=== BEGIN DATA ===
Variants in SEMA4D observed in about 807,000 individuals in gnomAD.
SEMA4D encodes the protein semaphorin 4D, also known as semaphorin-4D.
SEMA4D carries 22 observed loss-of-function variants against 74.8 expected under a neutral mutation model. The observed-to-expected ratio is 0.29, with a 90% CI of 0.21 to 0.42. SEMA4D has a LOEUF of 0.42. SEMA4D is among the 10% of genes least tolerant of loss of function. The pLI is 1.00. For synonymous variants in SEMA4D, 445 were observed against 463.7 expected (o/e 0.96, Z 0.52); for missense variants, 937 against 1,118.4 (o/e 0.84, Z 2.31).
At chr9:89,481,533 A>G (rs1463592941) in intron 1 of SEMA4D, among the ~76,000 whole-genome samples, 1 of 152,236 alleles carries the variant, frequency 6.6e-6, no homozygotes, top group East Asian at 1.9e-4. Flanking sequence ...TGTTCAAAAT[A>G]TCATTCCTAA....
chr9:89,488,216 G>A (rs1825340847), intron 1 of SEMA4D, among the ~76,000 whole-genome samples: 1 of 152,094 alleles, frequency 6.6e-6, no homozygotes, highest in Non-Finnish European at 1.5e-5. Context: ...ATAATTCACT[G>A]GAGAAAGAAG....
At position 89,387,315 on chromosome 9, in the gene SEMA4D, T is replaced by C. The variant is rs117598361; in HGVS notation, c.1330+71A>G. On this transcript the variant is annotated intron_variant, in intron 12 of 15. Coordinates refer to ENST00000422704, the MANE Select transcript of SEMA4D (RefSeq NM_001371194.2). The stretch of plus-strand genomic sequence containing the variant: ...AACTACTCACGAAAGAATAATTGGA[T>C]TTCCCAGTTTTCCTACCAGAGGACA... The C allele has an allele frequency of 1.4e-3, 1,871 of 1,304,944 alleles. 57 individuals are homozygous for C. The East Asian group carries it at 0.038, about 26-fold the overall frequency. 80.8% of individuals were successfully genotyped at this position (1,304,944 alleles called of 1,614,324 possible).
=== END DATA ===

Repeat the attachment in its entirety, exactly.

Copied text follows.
Variants in SEMA4D observed in about 807,000 individuals in gnomAD.
SEMA4D encodes the protein semaphorin 4D, also known as semaphorin-4D.
SEMA4D carries 22 observed loss-of-function variants against 74.8 expected under a neutral mutation model. The observed-to-expected ratio is 0.29, with a 90% CI of 0.21 to 0.42. SEMA4D has a LOEUF of 0.42. SEMA4D is among the 10% of genes least tolerant of loss of function. The pLI is 1.00. For synonymous variants in SEMA4D, 445 were observed against 463.7 expected (o/e 0.96, Z 0.52); for missense variants, 937 against 1,118.4 (o/e 0.84, Z 2.31).
At chr9:89,481,533 A>G (rs1463592941) in intron 1 of SEMA4D, among the ~76,000 whole-genome samples, 1 of 152,236 alleles carries the variant, frequency 6.6e-6, no homozygotes, top group East Asian at 1.9e-4. Flanking sequence ...TGTTCAAAAT[A>G]TCATTCCTAA....
chr9:89,488,216 G>A (rs1825340847), intron 1 of SEMA4D, among the ~76,000 whole-genome samples: 1 of 152,094 alleles, frequency 6.6e-6, no homozygotes, highest in Non-Finnish European at 1.5e-5. Context: ...ATAATTCACT[G>A]GAGAAAGAAG....
At position 89,387,315 on chromosome 9, in the gene SEMA4D, T is replaced by C. The variant is rs117598361; in HGVS notation, c.1330+71A>G. On this transcript the variant is annotated intron_variant, in intron 12 of 15. Coordinates refer to ENST00000422704, the MANE Select transcript of SEMA4D (RefSeq NM_001371194.2). The stretch of plus-strand genomic sequence containing the variant: ...AACTACTCACGAAAGAATAATTGGA[T>C]TTCCCAGTTTTCCTACCAGAGGACA... The C allele has an allele frequency of 1.4e-3, 1,871 of 1,304,944 alleles. 57 individuals are homozygous for C. The East Asian group carries it at 0.038, about 26-fold the overall frequency. 80.8% of individuals were successfully genotyped at this position (1,304,944 alleles called of 1,614,324 possible).